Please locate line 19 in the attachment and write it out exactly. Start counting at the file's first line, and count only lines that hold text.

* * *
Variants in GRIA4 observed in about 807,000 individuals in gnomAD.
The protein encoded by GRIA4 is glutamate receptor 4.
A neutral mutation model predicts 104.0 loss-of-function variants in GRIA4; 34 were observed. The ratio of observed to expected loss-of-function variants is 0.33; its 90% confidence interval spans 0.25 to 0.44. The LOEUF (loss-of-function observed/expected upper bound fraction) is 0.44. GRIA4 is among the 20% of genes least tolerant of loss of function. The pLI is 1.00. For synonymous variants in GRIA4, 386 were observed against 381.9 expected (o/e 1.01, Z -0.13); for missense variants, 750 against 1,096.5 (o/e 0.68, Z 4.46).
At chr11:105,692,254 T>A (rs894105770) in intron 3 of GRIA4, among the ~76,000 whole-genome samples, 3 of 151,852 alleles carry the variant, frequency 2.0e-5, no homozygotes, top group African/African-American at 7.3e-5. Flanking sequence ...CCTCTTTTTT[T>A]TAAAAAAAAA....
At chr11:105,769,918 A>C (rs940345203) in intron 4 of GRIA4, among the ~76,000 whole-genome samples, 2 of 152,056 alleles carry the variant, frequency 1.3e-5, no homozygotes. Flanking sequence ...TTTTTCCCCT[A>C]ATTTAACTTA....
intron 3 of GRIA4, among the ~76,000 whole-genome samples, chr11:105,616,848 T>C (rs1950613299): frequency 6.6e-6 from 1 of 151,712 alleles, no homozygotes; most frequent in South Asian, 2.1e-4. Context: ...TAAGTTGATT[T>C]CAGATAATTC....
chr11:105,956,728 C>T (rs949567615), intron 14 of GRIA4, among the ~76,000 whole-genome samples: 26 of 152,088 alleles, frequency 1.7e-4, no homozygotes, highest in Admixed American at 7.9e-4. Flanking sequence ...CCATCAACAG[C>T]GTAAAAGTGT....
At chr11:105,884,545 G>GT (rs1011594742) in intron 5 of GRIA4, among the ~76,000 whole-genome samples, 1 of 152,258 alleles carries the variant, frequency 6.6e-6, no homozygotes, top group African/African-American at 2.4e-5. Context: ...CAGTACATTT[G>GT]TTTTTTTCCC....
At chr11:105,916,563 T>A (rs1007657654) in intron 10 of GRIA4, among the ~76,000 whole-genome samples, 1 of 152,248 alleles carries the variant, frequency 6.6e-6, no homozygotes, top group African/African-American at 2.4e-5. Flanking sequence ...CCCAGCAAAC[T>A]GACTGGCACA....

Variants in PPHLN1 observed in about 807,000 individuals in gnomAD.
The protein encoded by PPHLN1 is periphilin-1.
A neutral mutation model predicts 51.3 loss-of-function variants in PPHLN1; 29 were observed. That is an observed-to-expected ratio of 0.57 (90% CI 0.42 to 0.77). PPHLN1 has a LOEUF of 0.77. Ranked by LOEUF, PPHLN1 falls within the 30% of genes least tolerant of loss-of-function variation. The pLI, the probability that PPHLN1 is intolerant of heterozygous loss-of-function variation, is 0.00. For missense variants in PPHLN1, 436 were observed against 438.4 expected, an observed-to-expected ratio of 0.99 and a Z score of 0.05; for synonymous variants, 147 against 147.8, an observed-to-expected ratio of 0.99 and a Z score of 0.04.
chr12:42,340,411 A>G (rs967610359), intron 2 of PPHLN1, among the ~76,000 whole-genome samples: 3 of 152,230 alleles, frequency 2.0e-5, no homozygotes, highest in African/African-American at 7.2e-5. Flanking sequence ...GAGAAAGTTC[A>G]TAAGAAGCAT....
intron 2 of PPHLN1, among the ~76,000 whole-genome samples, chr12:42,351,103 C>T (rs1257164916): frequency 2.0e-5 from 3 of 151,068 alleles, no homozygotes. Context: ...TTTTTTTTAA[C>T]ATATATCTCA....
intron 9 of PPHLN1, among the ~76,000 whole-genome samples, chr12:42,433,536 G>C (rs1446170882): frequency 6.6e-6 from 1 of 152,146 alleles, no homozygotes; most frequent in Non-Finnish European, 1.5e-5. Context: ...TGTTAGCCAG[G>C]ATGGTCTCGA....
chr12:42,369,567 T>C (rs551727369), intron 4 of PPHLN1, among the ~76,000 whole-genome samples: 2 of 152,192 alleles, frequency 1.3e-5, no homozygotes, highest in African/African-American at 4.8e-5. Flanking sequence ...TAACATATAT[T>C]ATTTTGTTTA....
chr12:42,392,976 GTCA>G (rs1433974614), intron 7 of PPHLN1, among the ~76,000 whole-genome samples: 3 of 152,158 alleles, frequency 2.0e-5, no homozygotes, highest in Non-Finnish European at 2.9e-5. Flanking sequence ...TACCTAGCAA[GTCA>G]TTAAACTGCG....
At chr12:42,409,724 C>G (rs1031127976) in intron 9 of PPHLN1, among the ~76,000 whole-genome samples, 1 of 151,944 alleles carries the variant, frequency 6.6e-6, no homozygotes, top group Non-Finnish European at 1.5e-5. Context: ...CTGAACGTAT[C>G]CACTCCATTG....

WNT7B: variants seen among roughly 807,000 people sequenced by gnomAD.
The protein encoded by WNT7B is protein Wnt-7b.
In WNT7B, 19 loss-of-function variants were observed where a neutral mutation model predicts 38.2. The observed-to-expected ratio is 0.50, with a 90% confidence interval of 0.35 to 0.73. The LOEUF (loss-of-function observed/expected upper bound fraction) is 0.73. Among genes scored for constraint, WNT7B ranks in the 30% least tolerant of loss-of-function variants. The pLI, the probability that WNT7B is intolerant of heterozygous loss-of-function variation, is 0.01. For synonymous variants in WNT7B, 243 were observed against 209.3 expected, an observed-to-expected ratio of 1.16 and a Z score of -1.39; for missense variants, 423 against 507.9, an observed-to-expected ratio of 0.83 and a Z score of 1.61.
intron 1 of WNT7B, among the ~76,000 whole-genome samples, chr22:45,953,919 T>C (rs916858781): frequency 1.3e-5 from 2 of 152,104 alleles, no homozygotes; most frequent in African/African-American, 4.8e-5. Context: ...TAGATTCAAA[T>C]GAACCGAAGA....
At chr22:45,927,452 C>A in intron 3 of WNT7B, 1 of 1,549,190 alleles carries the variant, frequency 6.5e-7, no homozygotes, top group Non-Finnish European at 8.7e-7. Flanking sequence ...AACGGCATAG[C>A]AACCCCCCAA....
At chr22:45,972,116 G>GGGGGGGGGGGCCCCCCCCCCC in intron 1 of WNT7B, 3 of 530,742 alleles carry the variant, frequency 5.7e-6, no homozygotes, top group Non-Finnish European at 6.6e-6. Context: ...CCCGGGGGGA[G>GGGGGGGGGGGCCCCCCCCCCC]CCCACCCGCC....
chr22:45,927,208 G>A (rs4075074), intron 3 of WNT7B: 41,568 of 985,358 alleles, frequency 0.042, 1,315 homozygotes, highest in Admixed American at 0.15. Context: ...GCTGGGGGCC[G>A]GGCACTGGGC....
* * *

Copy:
WNT7B: variants seen among roughly 807,000 people sequenced by gnomAD.